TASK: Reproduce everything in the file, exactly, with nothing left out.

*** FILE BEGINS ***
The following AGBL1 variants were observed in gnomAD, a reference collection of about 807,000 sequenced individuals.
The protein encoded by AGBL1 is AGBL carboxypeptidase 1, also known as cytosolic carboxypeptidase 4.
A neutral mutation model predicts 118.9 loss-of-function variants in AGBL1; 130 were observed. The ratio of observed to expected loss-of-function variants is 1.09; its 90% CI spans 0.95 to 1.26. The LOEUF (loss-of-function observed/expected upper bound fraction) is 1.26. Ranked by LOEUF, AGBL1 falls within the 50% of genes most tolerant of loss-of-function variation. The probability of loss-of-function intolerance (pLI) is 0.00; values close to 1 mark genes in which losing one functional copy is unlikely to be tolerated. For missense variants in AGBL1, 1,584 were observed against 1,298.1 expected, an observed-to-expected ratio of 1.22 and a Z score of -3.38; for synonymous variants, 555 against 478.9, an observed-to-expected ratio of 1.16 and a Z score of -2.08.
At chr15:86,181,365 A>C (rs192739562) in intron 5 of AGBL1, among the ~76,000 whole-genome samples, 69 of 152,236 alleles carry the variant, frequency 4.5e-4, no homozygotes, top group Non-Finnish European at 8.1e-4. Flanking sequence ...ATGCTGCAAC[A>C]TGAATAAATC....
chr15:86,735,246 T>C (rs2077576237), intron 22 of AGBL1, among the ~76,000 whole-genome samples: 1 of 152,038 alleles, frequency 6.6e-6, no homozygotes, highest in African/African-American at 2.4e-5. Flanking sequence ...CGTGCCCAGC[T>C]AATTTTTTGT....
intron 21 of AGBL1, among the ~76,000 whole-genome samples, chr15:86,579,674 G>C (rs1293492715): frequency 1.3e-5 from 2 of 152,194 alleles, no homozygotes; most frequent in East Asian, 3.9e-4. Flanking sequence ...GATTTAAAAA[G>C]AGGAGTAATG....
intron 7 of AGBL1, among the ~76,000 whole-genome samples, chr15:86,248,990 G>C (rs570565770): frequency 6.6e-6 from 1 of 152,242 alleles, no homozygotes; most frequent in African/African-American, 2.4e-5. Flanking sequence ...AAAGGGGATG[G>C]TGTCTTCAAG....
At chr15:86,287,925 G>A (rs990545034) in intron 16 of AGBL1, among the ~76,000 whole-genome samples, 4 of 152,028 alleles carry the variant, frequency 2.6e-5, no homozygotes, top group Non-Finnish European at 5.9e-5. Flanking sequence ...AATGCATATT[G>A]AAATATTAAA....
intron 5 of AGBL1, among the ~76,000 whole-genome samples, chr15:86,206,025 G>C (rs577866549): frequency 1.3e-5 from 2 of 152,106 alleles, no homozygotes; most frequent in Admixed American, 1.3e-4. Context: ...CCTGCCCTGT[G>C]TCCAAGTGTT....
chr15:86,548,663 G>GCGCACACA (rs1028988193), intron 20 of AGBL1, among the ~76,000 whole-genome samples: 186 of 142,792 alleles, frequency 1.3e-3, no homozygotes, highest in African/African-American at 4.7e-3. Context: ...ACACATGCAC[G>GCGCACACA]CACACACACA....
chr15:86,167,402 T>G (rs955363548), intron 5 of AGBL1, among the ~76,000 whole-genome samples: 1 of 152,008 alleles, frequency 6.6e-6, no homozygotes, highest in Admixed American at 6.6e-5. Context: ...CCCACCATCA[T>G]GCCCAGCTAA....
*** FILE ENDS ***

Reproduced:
The following AGBL1 variants were observed in gnomAD, a reference collection of about 807,000 sequenced individuals.
The protein encoded by AGBL1 is AGBL carboxypeptidase 1, also known as cytosolic carboxypeptidase 4.
A neutral mutation model predicts 118.9 loss-of-function variants in AGBL1; 130 were observed. The ratio of observed to expected loss-of-function variants is 1.09; its 90% CI spans 0.95 to 1.26. The LOEUF (loss-of-function observed/expected upper bound fraction) is 1.26. Ranked by LOEUF, AGBL1 falls within the 50% of genes most tolerant of loss-of-function variation. The probability of loss-of-function intolerance (pLI) is 0.00; values close to 1 mark genes in which losing one functional copy is unlikely to be tolerated. For missense variants in AGBL1, 1,584 were observed against 1,298.1 expected, an observed-to-expected ratio of 1.22 and a Z score of -3.38; for synonymous variants, 555 against 478.9, an observed-to-expected ratio of 1.16 and a Z score of -2.08.
At chr15:86,181,365 A>C (rs192739562) in intron 5 of AGBL1, among the ~76,000 whole-genome samples, 69 of 152,236 alleles carry the variant, frequency 4.5e-4, no homozygotes, top group Non-Finnish European at 8.1e-4. Flanking sequence ...ATGCTGCAAC[A>C]TGAATAAATC....
chr15:86,735,246 T>C (rs2077576237), intron 22 of AGBL1, among the ~76,000 whole-genome samples: 1 of 152,038 alleles, frequency 6.6e-6, no homozygotes, highest in African/African-American at 2.4e-5. Flanking sequence ...CGTGCCCAGC[T>C]AATTTTTTGT....
intron 21 of AGBL1, among the ~76,000 whole-genome samples, chr15:86,579,674 G>C (rs1293492715): frequency 1.3e-5 from 2 of 152,194 alleles, no homozygotes; most frequent in East Asian, 3.9e-4. Flanking sequence ...GATTTAAAAA[G>C]AGGAGTAATG....
intron 7 of AGBL1, among the ~76,000 whole-genome samples, chr15:86,248,990 G>C (rs570565770): frequency 6.6e-6 from 1 of 152,242 alleles, no homozygotes; most frequent in African/African-American, 2.4e-5. Flanking sequence ...AAAGGGGATG[G>C]TGTCTTCAAG....
At chr15:86,287,925 G>A (rs990545034) in intron 16 of AGBL1, among the ~76,000 whole-genome samples, 4 of 152,028 alleles carry the variant, frequency 2.6e-5, no homozygotes, top group Non-Finnish European at 5.9e-5. Flanking sequence ...AATGCATATT[G>A]AAATATTAAA....
intron 5 of AGBL1, among the ~76,000 whole-genome samples, chr15:86,206,025 G>C (rs577866549): frequency 1.3e-5 from 2 of 152,106 alleles, no homozygotes; most frequent in Admixed American, 1.3e-4. Context: ...CCTGCCCTGT[G>C]TCCAAGTGTT....
chr15:86,548,663 G>GCGCACACA (rs1028988193), intron 20 of AGBL1, among the ~76,000 whole-genome samples: 186 of 142,792 alleles, frequency 1.3e-3, no homozygotes, highest in African/African-American at 4.7e-3. Context: ...ACACATGCAC[G>GCGCACACA]CACACACACA....
chr15:86,167,402 T>G (rs955363548), intron 5 of AGBL1, among the ~76,000 whole-genome samples: 1 of 152,008 alleles, frequency 6.6e-6, no homozygotes, highest in Admixed American at 6.6e-5. Context: ...CCCACCATCA[T>G]GCCCAGCTAA....